- October 19, 2009
The story of the world’s first vegetarian spider appeared last week in numerous newspapers and other media, including the New York Times, the Boston Globe, on BBC radio, and on dozens of science and news websites. The public’s interest in the news of the bug-eyed and furry Bagheera kiplingi (named after the panther in "The Jungle Book") revealed a healthy appetite for the novel and quirky in the 40,000-species strong arachnid universe. But the story also reveals how we sometimes miss what’s important—despite its proximity right under our noses.
The known story of B. kiplingi goes back at least to 1896, when a Wisconsin taxonomist, who never actually saw the species in its native tropical habitat, gave the multi-colored spider its name. But then the jumping spider, which relies on hydraulically powered legs to go the distance, seems to have been largely ignored. Daniel Janzen, a luminary of tropical ecology and a specialist on plant-insect interactions, collected some specimens of the spider during his groundbreaking dissertation research on ant acacia trees in Mexico, but did not note anything unusual about the spider’s biology.
Fast forward to the jungles of Central America in 2001. Brandeis biologist Eric Olson had already spent two years researching spiders and herbivorous insects, and their host plant interactions, in the tropical dry forests of northwestern Costa Rica. To build an inventory of spiders he relied on Earthwatch volunteers to go out and find specimens for him to identify. But he advised them to avoid the ant acacia plant, home to colonies of stinging ants that cause impressive welts.
- October 6, 2009
FARMINGTON — The University of Maine at Farmington Department of Geology has been awarded a $20,000 Quimby Family Foundation grant to study the effects of climate change on high elevation ponds in Maine.
This grant was awarded to Julia Daly, UMF associate professor of geology, and is one of only two Quimby Family Foundation grants to be received by a university within the University of Maine System since the grant's inception.
"I was thrilled when I received the notice from the Quimby Family Foundation," Daly said. "I knew this was a very competitive year, but I also knew the significance of this research and the answers that were possible because of it."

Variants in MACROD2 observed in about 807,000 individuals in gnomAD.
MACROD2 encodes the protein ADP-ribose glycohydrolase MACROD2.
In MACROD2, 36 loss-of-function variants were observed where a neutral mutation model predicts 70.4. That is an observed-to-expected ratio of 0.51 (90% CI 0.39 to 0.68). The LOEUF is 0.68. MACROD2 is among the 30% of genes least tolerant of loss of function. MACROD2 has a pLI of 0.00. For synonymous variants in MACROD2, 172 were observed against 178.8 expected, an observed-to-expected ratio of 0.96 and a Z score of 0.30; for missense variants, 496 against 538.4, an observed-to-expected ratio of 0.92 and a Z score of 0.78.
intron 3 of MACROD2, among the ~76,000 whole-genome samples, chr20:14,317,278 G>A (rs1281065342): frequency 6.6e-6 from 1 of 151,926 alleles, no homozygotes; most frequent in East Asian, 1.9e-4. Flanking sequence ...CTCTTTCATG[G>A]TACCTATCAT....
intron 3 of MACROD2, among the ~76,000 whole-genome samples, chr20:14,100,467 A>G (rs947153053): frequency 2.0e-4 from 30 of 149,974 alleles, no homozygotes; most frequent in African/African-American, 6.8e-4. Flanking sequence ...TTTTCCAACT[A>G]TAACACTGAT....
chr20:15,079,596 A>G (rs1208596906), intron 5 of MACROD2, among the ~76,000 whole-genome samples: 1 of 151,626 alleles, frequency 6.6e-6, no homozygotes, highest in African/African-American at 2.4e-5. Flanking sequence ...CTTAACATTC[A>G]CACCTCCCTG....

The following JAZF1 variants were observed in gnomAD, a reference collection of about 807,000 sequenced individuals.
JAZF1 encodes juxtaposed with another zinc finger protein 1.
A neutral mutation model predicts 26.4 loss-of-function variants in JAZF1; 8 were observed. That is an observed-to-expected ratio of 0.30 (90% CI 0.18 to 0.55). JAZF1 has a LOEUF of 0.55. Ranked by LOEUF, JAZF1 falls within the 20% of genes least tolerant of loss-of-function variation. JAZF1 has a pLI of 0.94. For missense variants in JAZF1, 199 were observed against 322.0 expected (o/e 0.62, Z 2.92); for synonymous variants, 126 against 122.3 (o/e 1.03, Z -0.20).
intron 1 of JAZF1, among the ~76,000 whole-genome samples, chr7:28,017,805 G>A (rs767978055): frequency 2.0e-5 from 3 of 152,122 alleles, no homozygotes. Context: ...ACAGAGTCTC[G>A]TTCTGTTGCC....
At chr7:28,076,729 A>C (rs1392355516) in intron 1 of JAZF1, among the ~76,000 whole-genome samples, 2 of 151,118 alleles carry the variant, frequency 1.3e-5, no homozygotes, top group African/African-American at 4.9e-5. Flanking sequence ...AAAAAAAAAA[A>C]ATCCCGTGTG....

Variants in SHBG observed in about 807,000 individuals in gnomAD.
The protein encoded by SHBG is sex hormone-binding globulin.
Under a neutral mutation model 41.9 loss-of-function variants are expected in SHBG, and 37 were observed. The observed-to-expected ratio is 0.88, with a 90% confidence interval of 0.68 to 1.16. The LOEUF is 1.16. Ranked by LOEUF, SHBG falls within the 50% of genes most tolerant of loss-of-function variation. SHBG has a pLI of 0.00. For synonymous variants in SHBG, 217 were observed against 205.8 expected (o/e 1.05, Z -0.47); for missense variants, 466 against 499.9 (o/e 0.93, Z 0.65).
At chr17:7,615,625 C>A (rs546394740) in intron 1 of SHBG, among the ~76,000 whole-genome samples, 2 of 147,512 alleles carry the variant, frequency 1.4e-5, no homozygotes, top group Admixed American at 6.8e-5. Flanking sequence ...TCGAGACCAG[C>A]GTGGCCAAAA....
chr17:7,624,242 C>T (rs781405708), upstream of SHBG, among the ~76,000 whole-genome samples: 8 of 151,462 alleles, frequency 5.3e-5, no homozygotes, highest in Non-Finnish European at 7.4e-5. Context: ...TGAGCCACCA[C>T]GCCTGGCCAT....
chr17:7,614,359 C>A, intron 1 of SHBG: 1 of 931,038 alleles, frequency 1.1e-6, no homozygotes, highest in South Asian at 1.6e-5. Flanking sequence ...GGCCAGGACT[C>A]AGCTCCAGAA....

- September 30, 2009
Interpreting the past latitude and geography of the continents
from palaeomagnetic data relies on the key assumption that
Earth’s geomagnetic field behaves as a geocentric axial dipole.
The axial dipolar field model implies that all geomagnetic
reversals should be symmetric. However, palaeomagnetic
data from volcanic rocks produced by the 1.1-billion-yearold
Keweenawan Rift system in North America have been
interpreted to show asymmetric reversals, which had led to
the suggestion that there was a significant non-axial dipole
contribution to the magnetic field during this time1,2. Here we
present high-resolution palaeomagnetic data that span three
geomagnetic field reversals from a well-described series of
basalt flows at Mamainse Point, Ontario, in the Keweenawan
Rift. Our data show that each reversal is symmetric. We thus
conclude that the previously documented reversal asymmetry
is an artefact of the rapid motion of North America during
this time. Comparisons of reversed and normal populations
that were time-averaged over entire polarity intervals, or from
sites not directly on either side of a geomagnetic reversal, have
previously led to the appearance of reversal asymmetry.
- September 17, 2009
St. Paul, Minn. - Macalester College has completed its first long-term strategic plan to combat climate change. Among the college’s goals:
- Achieving carbon neutrality by 2025
- Eliminating waste by 2020 (zero waste)
- Integrating sustainability into curriculum and student programs
- Adopting a “green building” policy to reduce emissions in facility construction and operations
- Decreasing carbon emissions from travel
- Adopting a responsible purchasing policy
"The threats posed by global climate change to our survival are daunting," says Macalester President Brian Rosenberg. "This plan demonstrates our commitment to living our values and preparing each generation to confront the challenges they will face in the years ahead. We hope that in 2025 our first-year students will be proud to attend a college that has successfully demonstrated leadership in sustainability and is carbon neutral.”
Macalester’s plan has been submitted to the American College & University Presidents' Climate Commitment (ACUPCC).
Macalester’s strategic sustainability plan underscores its leadership among American colleges and universities in addressing climate change, explains Suzanne Hansen, sustainability manager. Only 88 of the approximately 400 colleges and universities who were to have submitted plans this week did so, and few of those plans are as ambitious and broad as Macalester’s.